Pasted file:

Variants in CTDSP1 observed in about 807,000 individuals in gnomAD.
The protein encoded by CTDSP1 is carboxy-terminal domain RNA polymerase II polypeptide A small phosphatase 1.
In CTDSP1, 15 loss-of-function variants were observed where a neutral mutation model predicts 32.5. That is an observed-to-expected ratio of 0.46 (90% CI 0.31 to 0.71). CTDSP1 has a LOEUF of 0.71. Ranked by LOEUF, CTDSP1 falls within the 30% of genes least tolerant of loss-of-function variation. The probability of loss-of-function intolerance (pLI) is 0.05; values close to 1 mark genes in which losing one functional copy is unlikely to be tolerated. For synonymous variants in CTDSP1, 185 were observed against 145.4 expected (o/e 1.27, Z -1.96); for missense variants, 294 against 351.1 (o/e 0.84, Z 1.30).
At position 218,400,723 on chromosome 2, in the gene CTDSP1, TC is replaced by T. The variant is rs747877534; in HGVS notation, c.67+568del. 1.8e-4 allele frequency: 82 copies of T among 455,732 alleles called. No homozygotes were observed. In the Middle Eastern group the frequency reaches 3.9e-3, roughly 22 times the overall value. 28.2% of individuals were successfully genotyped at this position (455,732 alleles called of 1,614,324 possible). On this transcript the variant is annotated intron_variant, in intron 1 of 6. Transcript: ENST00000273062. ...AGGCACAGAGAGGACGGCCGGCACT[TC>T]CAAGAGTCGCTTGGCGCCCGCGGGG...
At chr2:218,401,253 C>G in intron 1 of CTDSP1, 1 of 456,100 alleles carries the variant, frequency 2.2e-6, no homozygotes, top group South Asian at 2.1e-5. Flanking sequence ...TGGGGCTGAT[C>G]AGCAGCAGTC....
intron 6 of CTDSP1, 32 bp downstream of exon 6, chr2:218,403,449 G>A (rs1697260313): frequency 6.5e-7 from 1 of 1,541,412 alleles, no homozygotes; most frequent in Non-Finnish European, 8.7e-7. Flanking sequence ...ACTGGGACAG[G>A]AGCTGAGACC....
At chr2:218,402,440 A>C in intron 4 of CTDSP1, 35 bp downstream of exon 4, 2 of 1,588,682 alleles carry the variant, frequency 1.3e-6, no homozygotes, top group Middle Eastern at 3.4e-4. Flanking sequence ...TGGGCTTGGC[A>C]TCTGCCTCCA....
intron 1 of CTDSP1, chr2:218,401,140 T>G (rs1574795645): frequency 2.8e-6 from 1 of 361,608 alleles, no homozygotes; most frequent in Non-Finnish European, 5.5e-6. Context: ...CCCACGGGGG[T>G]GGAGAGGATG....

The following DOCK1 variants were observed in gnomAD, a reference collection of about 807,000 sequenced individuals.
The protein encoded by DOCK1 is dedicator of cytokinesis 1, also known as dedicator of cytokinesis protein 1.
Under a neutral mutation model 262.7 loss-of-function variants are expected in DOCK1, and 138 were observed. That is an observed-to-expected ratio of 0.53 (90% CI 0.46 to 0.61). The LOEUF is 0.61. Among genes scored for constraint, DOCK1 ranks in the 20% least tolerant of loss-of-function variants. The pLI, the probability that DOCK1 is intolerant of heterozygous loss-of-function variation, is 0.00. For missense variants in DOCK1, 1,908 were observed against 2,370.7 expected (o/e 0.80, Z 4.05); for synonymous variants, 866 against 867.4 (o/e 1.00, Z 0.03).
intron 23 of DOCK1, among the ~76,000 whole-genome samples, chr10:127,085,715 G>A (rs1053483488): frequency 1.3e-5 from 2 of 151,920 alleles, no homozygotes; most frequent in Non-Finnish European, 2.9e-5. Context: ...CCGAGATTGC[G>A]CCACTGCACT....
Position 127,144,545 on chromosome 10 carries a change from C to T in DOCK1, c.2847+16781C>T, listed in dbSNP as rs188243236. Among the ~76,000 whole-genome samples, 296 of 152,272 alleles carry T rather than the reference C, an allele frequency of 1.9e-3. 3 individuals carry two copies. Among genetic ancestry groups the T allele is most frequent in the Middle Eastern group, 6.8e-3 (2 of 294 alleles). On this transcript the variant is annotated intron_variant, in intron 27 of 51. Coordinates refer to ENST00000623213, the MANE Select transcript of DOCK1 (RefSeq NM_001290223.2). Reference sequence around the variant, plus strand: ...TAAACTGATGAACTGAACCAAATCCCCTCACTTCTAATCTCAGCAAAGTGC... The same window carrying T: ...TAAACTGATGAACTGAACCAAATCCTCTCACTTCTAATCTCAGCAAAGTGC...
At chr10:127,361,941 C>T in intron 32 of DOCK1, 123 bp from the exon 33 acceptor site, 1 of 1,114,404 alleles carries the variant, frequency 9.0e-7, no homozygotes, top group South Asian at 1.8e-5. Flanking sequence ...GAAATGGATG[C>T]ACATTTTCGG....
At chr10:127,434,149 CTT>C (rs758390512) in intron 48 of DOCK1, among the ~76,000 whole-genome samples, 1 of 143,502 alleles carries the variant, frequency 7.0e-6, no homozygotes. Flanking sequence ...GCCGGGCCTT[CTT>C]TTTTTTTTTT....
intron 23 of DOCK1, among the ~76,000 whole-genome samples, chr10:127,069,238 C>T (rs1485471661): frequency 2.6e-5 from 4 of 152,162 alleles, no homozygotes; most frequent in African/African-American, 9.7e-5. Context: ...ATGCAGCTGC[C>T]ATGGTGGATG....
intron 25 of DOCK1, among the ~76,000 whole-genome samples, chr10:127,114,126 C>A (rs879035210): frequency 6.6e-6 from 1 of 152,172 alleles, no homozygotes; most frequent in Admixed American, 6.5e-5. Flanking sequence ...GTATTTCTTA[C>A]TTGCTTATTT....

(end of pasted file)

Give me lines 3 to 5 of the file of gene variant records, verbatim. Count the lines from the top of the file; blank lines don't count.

In CTDSP1, 15 loss-of-function variants were observed where a neutral mutation model predicts 32.5. That is an observed-to-expected ratio of 0.46 (90% CI 0.31 to 0.71). CTDSP1 has a LOEUF of 0.71. Ranked by LOEUF, CTDSP1 falls within the 30% of genes least tolerant of loss-of-function variation. The probability of loss-of-function intolerance (pLI) is 0.05; values close to 1 mark genes in which losing one functional copy is unlikely to be tolerated. For synonymous variants in CTDSP1, 185 were observed against 145.4 expected (o/e 1.27, Z -1.96); for missense variants, 294 against 351.1 (o/e 0.84, Z 1.30).
At position 218,400,723 on chromosome 2, in the gene CTDSP1, TC is replaced by T. The variant is rs747877534; in HGVS notation, c.67+568del. 1.8e-4 allele frequency: 82 copies of T among 455,732 alleles called. No homozygotes were observed. In the Middle Eastern group the frequency reaches 3.9e-3, roughly 22 times the overall value. 28.2% of individuals were successfully genotyped at this position (455,732 alleles called of 1,614,324 possible). On this transcript the variant is annotated intron_variant, in intron 1 of 6. Transcript: ENST00000273062. ...AGGCACAGAGAGGACGGCCGGCACT[TC>T]CAAGAGTCGCTTGGCGCCCGCGGGG...
At chr2:218,401,253 C>G in intron 1 of CTDSP1, 1 of 456,100 alleles carries the variant, frequency 2.2e-6, no homozygotes, top group South Asian at 2.1e-5. Flanking sequence ...TGGGGCTGAT[C>G]AGCAGCAGTC....